What’s more, at the Metla target in the central part of the claim block, recent rock samples returning high copper-gold assay values demonstrated a differently aged system, coming in at around 220 million years old, which puts it in the Triassic age, Thompson says. “So, we think we may have two or more complete mineral systems that were formed differently in geological time. We have mineralization related to Eocene and Jurassic rocks, too, and when you have multiple pluses like this over time, combined with structurally well-prepared rocks, you have greater probability of forming large deposits.”

This year’s 18,000 to 20,000-metre drill program will focus on Camp Creek and the Trapper targets. The focus is the high-grade part of the mineralized systems and to expand mineralization laterally and at depth. Three drills are turning and Brixton plans to drill eight to 10 deep holes at Camp Creek and 40 plus shallow to moderately deep holes at Trapper. The company may also drill test some newly developed copper anomalies this season based on XRF real-time results.

Brixton released assays from its 2022 drill campaign at the Trapper target in January, including 253 metres grading 1.4 grams gold from 42 metres in drillhole THN22-244, including a 93-metre interval of 3.22 grams gold from 151 metres; and 64 metres of 5.74 grams gold and 9.11 grams silver from 114 metres downhole in THN22-205, including 52 metres of 6.97 grams gold and 10.83 grams silver starting from 120 metres.

“It’s an evolving story at Trapper,” Thompson says. “We like it because we’re drilling impressive gold intercepts from surface. It’s open in multiple directions with a 400-metre strike so far. It’s intriguing because we know that the gold here is associated with base metal veins and has a strong positive correlation to copper. We have yet to make the direct connection to a copper porphyry but this is something we are keen to discover at Trapper.”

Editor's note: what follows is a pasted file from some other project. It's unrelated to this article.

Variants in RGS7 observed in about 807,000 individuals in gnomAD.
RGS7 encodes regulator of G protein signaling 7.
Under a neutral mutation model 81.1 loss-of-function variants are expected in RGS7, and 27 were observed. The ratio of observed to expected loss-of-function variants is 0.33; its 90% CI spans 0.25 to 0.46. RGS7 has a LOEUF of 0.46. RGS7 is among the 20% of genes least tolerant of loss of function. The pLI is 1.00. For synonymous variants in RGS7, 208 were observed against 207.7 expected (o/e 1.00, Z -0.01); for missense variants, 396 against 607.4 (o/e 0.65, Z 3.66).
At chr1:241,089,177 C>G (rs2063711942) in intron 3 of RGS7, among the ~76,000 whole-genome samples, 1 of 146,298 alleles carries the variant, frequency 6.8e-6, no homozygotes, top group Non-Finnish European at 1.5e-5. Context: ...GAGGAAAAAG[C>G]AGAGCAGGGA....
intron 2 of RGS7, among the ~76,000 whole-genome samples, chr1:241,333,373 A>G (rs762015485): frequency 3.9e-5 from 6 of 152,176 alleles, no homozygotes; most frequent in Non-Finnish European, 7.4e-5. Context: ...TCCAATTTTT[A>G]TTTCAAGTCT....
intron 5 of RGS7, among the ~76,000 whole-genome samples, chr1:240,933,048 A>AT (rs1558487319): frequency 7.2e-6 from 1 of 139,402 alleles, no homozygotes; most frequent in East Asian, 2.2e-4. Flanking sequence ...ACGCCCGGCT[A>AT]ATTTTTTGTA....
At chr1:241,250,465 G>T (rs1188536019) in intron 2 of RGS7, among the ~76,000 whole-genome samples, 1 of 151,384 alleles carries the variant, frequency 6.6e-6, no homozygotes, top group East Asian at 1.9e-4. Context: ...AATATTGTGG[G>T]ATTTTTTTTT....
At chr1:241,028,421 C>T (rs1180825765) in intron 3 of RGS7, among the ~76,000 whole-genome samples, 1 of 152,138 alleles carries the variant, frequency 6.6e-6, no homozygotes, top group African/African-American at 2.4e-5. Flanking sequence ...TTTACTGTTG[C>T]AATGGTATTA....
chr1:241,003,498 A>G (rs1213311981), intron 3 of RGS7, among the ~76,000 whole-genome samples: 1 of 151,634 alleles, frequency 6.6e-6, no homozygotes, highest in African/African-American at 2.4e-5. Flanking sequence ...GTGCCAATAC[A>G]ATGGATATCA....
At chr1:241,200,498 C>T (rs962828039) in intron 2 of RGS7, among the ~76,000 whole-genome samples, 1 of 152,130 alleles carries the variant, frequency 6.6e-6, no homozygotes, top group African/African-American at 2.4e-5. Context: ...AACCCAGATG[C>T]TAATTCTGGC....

Thompson notes that porphyry systems are tough for small companies because of the amount of drilling required. “We’ve been saying this is a big company project for years,” he says. “BHP at least recognized the potential that we do have this copper-dominant and large-scale mineralized system here.”

Thompson also notes that he wasn’t interested in a project-level deal, which he says is the deal structure major mining companies prefer, and was determined to wait it out for a strategic investor.

The earliest known exploration on the Thorn project was carried-out by Cominco in 1952, Kennco in 1959 and Chevron Minerals in the 1980s. Over 315 holes were collared on the property since exploration began in the 1950s, totaling 74,500 metres. Since acquiring the project in 2009, Brixton has drilled over 58,000 metres. Its drill program was guided by about 29,000 soil samples, 9,300 rock samples and 9,300 stream sediment samples from across the property.

For now, the company continues drilling its high-priority targets and hopes to hit the “‘momentum hole’—one of those holes that put you on a development path and you don’t look back—the hole that convinces everybody there is something real and big,” Thompson says. “I don’t think we’ve got that yet, based on the current market cap of the company. We’ll know when we hit it. In the meantime, we’re still in the ‘grind-it-out’ discovery phase, the toughest part, but also really the fun part.”

In addition to Thorn, Brixton wholly owns three other exploration projects: the Hog Heaven silver-gold-copper project in northwestern Montana, under option to Ivanhoe Electric Inc. (NYSE: IE); the Atlin goldfields project in northwestern B.C. under option to Pacific Bay Minerals (TSXV: PBM) and the Langis-HudBay silver-cobalt-nickel projects in Ontario.

Over the last year the junior has traded in a range of 11¢ and 31¢ per share and at press time was trading at 18¢. Brixton has about 381 million common shares outstanding for a market cap of roughly $69 million.

The preceding Joint-Venture Article is PROMOTED CONTENT sponsored by Brixton Metals and produced in cooperation with The Northern Miner. Visit www.brixtonmetals.com for more information.

5 0